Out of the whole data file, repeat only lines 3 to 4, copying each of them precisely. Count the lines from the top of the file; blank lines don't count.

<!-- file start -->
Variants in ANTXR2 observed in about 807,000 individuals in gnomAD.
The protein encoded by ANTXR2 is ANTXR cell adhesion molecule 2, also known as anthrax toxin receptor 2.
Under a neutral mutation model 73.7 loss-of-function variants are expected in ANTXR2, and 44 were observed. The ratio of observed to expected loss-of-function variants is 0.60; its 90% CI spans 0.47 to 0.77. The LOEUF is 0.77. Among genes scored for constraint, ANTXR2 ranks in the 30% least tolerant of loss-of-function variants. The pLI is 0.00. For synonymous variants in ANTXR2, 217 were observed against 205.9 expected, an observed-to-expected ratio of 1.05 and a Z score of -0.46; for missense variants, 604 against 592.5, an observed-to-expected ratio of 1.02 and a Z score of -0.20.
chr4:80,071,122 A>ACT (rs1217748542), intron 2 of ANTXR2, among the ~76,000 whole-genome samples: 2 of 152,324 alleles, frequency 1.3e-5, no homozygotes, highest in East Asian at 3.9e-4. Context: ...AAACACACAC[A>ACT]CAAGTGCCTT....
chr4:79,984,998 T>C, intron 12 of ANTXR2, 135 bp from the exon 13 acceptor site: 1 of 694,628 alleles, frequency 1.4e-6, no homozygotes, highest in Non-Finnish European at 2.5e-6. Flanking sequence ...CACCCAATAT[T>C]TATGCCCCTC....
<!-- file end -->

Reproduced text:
Under a neutral mutation model 73.7 loss-of-function variants are expected in ANTXR2, and 44 were observed. The ratio of observed to expected loss-of-function variants is 0.60; its 90% CI spans 0.47 to 0.77. The LOEUF is 0.77. Among genes scored for constraint, ANTXR2 ranks in the 30% least tolerant of loss-of-function variants. The pLI is 0.00. For synonymous variants in ANTXR2, 217 were observed against 205.9 expected, an observed-to-expected ratio of 1.05 and a Z score of -0.46; for missense variants, 604 against 592.5, an observed-to-expected ratio of 1.02 and a Z score of -0.20.
chr4:80,071,122 A>ACT (rs1217748542), intron 2 of ANTXR2, among the ~76,000 whole-genome samples: 2 of 152,324 alleles, frequency 1.3e-5, no homozygotes, highest in East Asian at 3.9e-4. Context: ...AAACACACAC[A>ACT]CAAGTGCCTT....